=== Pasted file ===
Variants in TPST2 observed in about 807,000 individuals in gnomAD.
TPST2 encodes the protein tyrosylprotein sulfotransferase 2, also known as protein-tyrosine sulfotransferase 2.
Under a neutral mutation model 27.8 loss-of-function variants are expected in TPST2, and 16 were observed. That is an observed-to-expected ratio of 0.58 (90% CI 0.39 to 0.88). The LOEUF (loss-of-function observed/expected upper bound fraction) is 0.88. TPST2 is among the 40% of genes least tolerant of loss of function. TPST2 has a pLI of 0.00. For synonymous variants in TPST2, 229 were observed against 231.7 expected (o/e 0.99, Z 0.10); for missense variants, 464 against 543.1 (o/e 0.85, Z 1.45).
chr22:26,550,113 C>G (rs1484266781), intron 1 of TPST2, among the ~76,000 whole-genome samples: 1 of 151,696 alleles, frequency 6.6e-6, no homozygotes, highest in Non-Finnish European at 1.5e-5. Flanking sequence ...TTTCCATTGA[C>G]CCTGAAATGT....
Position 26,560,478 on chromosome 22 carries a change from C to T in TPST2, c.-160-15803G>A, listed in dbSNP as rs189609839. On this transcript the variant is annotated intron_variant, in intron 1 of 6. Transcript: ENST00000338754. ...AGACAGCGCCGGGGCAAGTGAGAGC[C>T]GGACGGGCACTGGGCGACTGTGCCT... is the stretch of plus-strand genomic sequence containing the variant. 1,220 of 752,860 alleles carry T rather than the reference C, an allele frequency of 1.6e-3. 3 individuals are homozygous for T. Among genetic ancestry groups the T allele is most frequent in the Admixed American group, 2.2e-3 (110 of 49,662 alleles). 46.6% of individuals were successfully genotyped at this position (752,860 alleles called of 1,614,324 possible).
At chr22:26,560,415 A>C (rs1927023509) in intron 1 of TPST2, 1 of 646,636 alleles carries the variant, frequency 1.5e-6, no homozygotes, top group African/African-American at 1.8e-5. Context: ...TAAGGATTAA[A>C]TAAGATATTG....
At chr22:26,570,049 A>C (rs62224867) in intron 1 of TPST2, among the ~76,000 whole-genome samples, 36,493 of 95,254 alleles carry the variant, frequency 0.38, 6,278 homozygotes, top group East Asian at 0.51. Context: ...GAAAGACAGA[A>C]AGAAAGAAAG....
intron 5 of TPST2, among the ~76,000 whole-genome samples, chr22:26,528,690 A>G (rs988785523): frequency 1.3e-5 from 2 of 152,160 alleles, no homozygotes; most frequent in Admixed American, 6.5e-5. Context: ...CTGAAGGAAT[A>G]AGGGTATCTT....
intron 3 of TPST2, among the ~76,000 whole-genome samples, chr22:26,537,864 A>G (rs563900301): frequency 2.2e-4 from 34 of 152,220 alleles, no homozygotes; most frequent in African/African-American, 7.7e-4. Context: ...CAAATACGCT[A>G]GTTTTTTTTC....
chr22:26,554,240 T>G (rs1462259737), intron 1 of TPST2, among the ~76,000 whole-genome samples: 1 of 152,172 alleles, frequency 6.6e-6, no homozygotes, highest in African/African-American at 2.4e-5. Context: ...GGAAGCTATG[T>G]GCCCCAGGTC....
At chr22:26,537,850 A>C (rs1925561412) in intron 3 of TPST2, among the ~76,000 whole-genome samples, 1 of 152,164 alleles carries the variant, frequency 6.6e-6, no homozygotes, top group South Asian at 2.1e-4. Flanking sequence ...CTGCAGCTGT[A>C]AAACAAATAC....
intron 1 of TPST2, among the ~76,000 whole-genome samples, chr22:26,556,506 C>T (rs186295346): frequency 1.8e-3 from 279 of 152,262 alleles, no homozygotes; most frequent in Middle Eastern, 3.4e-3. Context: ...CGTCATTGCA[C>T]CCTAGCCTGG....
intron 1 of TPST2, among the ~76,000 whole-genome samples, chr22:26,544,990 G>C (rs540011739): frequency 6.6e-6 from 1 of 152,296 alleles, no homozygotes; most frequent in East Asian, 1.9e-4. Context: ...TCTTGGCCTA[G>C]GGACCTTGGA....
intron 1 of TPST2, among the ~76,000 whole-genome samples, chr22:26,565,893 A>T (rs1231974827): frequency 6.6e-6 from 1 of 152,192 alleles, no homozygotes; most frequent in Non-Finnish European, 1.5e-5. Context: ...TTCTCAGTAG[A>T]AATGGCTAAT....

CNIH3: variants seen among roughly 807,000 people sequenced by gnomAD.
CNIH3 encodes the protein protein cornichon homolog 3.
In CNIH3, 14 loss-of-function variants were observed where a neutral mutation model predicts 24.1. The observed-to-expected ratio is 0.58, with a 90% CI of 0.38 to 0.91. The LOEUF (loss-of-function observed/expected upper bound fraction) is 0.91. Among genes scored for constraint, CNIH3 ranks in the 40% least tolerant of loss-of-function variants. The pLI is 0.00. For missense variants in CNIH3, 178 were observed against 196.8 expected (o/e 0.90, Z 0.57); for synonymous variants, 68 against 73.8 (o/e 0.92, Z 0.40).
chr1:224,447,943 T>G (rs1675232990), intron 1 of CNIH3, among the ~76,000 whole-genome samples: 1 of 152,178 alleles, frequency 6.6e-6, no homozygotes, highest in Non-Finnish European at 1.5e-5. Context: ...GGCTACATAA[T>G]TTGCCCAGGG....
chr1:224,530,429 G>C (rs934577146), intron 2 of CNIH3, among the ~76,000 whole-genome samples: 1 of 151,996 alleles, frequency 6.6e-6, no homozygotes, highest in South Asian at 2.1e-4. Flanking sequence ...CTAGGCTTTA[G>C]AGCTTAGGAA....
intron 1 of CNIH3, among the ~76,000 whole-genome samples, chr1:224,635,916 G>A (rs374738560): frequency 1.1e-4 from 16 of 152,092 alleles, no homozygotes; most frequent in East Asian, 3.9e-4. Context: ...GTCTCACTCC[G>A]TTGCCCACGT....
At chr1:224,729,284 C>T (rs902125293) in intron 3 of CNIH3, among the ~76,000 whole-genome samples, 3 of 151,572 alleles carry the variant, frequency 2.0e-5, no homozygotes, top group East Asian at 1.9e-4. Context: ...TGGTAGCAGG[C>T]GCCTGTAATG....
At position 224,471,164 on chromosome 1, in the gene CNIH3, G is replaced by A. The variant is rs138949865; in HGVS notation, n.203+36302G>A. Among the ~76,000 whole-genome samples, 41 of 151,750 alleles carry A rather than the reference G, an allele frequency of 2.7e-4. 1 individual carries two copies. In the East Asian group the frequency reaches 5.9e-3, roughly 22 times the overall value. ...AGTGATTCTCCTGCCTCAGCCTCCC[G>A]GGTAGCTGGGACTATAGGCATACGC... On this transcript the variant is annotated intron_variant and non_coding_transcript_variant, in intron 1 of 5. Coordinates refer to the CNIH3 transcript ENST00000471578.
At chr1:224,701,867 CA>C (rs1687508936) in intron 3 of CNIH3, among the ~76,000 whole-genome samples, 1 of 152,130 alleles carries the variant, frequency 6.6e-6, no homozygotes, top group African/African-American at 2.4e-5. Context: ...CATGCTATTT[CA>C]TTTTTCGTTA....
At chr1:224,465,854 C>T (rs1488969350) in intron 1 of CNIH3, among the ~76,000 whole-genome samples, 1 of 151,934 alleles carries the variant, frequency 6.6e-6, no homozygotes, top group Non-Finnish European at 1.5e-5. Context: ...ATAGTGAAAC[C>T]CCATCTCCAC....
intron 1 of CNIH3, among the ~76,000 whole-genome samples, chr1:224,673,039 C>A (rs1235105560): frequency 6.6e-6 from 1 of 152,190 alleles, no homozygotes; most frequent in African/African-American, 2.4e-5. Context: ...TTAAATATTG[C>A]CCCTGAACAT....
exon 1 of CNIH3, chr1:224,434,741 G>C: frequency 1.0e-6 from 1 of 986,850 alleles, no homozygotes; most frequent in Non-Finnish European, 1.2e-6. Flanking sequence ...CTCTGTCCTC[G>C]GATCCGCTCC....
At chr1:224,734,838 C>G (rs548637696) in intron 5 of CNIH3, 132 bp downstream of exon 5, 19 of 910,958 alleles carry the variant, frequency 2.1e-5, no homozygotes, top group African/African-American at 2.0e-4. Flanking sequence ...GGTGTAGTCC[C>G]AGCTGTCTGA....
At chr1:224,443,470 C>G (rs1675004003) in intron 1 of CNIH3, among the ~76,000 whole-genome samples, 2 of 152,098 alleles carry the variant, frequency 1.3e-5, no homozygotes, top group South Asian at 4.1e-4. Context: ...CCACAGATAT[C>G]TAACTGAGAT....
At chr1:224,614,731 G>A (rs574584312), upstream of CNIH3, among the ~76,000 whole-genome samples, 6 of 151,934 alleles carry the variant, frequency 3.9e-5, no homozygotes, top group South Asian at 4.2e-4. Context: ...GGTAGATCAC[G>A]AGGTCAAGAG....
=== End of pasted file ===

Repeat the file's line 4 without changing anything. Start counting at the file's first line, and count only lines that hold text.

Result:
chr22:26,550,113 C>G (rs1484266781), intron 1 of TPST2, among the ~76,000 whole-genome samples: 1 of 151,696 alleles, frequency 6.6e-6, no homozygotes, highest in Non-Finnish European at 1.5e-5. Flanking sequence ...TTTCCATTGA[C>G]CCTGAAATGT....